The actual central point is four miles north of Dunsop Bridge, along the Dunsop Valley (pic). There's a flat tarmac bridleway, not open to non-residential traffic, that makes a real gem of a family-friendly trail through some good scenery. You could be in Wales or Scotland, especially when you try to get a mobile signal.


The nearest you can get by bike to the centre is Brennand Farm (pic), just visible at the top of the picture here. To get to the actual origin, Whitendale Hanging Stones – the location at which Great Britain could be balanced on the point of a pencil, if you had one that hadn't been chewed by a nephew – you have to walk a mile or so along a footpath behind the farm, and it was starting to rain, so I didn't. Instead I went back to Dunsop Bridge to the Puddleduck Cafe, Britain's most central, which conveniently had good bike parking, free use of a track pump, and most important coffee and cake.


I still had the find the westernmost cyclable point, and headed out from Dunsop Bridge. Evidently it's a perilous place for inattentive cats (pic). Perhaps they're too busy chasing red squirrels.


It's fine scenery round here, as the road heads through the Trough of Bowland (pic), still in modern Lancashire but historic Yorkshire. Many of the rivers round here have provided drinking water for Preston since the late 1800s. Given how much it has rained in the last two days, I don't think they'll be going thirsty.


A track leads west from off this road to the very westernmost point in historic Yorkshire, a watershed up in the hills by Hawthornthwaite Fell. On the map it's amazingly far left, only eight miles from the Irish Sea. You can cycle some of it, on tarmac up to the water works, but beyond (pic) is a bumpy walkers-only track that goes to Longden Castle – despite the name, a shabby little hut for grouse shooters. It's possible to cycle on tarmac in historic Yorkshire and be further west (up by Sedbergh, at Beck Foot near Lowgill). But as part of my Compass Rides, my line westwards out of York finished here.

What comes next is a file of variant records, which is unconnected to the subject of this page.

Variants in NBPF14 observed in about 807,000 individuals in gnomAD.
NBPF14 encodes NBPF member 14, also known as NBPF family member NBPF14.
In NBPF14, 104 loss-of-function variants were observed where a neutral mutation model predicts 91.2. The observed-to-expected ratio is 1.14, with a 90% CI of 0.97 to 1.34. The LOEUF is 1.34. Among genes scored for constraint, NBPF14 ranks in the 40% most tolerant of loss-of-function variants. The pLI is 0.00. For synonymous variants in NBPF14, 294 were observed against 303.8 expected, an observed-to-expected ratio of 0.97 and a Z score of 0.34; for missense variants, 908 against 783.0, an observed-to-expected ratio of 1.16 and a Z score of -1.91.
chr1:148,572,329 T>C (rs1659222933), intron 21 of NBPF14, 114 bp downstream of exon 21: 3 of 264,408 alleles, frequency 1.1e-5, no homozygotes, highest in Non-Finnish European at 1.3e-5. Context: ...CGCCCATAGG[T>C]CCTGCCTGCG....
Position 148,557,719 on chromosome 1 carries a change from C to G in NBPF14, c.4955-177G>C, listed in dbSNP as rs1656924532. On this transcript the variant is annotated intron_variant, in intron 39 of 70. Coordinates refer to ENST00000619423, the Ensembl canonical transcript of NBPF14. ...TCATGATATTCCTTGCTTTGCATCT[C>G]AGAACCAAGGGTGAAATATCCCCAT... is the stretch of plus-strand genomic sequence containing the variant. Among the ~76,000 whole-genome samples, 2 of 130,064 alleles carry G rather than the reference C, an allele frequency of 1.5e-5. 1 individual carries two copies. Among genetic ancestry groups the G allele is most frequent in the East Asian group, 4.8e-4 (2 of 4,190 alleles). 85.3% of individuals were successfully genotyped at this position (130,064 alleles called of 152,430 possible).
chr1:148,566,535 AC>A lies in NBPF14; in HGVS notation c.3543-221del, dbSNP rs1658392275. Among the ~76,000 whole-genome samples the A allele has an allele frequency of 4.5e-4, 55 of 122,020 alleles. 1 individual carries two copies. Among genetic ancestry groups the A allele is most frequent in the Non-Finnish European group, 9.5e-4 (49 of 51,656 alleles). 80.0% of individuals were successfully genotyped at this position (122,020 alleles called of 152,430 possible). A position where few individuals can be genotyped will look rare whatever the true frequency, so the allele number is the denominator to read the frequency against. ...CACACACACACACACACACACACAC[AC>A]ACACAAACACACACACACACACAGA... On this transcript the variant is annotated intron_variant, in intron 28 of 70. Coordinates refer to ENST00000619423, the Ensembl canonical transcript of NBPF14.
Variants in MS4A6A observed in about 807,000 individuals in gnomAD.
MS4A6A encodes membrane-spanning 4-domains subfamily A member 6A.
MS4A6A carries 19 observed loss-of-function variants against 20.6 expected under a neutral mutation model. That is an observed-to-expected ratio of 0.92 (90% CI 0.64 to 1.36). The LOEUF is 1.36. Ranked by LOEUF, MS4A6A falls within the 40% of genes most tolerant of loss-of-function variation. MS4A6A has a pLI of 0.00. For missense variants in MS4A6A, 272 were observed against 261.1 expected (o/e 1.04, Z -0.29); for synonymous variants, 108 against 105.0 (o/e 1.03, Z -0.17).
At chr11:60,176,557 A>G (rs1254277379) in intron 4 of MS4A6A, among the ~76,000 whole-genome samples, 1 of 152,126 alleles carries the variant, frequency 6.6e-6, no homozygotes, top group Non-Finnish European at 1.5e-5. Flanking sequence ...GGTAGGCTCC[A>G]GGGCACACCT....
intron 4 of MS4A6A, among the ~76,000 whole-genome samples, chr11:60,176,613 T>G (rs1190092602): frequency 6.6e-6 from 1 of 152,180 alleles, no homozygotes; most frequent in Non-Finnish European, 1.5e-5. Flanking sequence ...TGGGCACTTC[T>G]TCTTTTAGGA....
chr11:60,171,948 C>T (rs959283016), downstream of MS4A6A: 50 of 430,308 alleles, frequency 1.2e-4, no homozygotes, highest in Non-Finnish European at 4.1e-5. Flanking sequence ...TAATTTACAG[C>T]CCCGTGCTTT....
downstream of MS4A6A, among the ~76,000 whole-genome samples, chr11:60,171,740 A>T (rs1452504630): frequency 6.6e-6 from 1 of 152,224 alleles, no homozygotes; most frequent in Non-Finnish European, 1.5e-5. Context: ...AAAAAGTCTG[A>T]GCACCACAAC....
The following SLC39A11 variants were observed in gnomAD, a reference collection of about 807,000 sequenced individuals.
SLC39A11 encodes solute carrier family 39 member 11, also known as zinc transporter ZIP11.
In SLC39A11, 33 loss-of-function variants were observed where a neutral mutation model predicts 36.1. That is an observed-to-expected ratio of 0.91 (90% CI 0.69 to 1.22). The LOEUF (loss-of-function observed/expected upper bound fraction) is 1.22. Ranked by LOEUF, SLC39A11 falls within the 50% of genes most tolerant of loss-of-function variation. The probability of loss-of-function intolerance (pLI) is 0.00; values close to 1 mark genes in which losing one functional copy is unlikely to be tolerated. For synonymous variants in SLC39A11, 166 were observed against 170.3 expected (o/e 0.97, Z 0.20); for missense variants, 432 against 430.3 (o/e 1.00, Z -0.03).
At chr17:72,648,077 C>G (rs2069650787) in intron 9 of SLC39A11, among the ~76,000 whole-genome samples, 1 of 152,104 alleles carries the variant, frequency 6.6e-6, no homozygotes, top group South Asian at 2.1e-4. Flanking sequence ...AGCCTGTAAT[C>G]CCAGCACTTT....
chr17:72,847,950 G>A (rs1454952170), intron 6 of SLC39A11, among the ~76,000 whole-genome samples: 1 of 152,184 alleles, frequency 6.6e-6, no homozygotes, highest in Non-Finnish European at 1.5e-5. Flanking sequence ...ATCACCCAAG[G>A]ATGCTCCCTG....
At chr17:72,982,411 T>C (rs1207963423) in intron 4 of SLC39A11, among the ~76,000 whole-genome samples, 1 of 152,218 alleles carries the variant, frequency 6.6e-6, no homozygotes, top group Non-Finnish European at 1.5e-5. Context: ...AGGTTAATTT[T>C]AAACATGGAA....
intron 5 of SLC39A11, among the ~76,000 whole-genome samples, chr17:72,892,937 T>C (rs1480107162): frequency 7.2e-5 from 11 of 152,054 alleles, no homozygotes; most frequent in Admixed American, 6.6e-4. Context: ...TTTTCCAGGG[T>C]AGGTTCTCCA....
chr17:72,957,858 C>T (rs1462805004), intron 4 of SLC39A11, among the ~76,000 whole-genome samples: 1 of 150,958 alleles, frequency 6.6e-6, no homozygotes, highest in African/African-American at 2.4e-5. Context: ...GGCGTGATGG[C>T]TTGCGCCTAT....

I paused briefly to admire Miranda, a statue of the guardian nymph of the waters here (pic) which is the reason why this part of Yorkshire isn't called 'Little Copenhagen'.

Then it was down to Clitheroe for the train home, and the completion of another delightful Compass Ride. I had soaked up lots of atmosphere, though perhaps a bit too literally.

Miles today: 25
Miles York to Dunsop Bridge: 89

Back to ← Day 2

Wednesday, July 26, 2017

W2: Harrogate to Slaidburn

Day 2 of the seventh of my Yorkshire Compass Rides involved some worm-themed naive art, a pervasive smell of kerosene, and rain. Lots. (Back to ← Day 1 • On to Day 3 →)


The weather forecast could be summed up in one four-letter word, though 'rain' is probably a politer one. I set off early to make the most of the dry morning, heading up the lovely railtrail to the charming village of Ripley with its castle (pic). Tea would have been nice, but it was too early for the teashops to be open, thus saving me about ten quid.


It was still way pre-opening-time when got to Pateley Bridge, proud home of Britain's oldest sweatshop. Oh, sorry, 'sweetshop' (pic). I breakfasted in a bus shelter, psyching myself up for the 300m climb up Greenhow Hill into a stiff headwind and the increasingly heavy drizzle. All the cows were sat firmly down. Being a bovine meteorologist today was an entirely sedentary occupation.

Lacking waterproof socks, I recycled the breakfast plastic bags as such. I can report that the Sainsbury's bag failed and let in water after two hours, but the Co-op bag lasted five before inundating.

It was so wet, even Dr Who had given up travel for the day (pic).

Miserable weather, then, but still an enjoyable ride in its own curious way, through hill-country villages, farms and market towns, along quiet narrow back roads (pic).

At a cafe in Cracoe I met several cycle-tourists doing the Way of Roses (west to east, the opposite way to me) and we swopped lively traveller's tales over the sound of dripping clothes.

In one village I was charmed by the homespun worm-related artworks that adorned most of the houses (pic).

Why the nematode theme? Something to do with the name of the village, perhaps – Wigglesworth...?